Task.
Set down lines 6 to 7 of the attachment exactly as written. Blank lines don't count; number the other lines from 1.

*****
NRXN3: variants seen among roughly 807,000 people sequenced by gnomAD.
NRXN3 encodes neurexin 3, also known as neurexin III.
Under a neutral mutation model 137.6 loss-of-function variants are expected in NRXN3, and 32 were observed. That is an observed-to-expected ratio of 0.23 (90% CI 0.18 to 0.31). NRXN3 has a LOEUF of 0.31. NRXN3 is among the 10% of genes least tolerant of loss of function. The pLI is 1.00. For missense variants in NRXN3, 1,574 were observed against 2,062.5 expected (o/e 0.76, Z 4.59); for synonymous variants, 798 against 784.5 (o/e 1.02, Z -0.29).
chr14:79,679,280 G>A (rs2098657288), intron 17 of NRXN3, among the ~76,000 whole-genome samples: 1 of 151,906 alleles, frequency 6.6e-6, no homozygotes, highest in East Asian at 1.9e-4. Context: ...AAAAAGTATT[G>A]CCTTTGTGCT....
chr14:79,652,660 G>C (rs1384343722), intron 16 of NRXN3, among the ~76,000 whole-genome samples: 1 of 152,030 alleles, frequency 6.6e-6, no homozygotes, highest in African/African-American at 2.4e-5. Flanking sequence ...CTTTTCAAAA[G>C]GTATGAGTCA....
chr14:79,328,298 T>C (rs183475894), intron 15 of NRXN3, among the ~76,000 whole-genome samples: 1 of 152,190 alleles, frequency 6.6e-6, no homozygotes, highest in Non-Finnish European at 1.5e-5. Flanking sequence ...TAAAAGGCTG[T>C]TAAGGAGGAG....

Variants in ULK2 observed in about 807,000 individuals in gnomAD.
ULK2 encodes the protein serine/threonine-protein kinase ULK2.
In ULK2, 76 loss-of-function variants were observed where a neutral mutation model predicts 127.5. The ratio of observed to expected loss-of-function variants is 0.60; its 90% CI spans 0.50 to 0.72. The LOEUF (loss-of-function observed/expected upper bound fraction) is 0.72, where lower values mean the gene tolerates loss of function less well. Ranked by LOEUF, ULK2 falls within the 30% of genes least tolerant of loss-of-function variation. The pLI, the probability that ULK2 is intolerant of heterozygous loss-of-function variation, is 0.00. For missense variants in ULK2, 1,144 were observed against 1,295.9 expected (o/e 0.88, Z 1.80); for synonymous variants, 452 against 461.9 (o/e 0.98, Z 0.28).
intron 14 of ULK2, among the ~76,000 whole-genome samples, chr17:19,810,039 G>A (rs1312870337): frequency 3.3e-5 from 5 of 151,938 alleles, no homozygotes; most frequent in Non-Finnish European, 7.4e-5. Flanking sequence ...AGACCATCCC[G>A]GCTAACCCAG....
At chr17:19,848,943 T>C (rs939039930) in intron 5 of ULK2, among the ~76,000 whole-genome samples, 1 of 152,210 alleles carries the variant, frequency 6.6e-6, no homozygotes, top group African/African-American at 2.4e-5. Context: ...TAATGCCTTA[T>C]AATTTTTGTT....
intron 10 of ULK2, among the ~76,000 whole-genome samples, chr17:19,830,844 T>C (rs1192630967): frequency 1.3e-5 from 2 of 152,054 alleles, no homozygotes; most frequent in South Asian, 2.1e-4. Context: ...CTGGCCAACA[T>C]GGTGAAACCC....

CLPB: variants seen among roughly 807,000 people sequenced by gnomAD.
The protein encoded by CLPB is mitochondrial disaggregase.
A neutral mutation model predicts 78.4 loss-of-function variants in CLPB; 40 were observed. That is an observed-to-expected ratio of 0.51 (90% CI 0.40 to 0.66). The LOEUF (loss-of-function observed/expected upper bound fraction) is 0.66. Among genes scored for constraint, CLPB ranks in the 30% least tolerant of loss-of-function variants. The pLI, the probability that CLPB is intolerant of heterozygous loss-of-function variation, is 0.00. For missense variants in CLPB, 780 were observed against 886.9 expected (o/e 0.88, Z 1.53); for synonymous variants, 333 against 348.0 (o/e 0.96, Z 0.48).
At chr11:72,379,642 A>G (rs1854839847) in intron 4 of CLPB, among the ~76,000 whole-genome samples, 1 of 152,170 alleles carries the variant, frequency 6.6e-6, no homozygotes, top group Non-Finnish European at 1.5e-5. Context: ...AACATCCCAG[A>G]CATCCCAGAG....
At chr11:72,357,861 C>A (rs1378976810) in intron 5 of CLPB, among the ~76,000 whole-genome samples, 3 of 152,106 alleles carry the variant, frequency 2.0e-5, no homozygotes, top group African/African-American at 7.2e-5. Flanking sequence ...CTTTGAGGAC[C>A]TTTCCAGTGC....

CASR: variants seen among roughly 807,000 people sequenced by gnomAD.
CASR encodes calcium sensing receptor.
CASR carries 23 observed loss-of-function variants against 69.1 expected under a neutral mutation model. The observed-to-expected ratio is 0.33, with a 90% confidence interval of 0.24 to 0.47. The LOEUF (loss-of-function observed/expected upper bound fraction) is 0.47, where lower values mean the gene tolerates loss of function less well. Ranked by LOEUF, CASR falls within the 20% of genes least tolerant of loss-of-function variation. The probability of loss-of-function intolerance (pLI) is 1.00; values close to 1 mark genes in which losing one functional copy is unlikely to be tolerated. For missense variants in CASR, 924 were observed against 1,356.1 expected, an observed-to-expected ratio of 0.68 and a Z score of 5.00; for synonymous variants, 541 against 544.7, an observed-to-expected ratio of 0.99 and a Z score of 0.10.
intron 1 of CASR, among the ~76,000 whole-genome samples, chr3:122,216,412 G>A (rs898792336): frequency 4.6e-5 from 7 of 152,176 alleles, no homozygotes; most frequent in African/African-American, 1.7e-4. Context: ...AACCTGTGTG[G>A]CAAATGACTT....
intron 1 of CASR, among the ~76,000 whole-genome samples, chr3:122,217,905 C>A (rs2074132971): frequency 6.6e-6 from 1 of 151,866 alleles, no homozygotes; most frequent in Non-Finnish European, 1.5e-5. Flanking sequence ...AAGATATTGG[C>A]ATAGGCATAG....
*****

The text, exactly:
chr14:79,328,298 T>C (rs183475894), intron 15 of NRXN3, among the ~76,000 whole-genome samples: 1 of 152,190 alleles, frequency 6.6e-6, no homozygotes, highest in Non-Finnish European at 1.5e-5. Flanking sequence ...TAAAAGGCTG[T>C]TAAGGAGGAG....

Variants in ULK2 observed in about 807,000 individuals in gnomAD.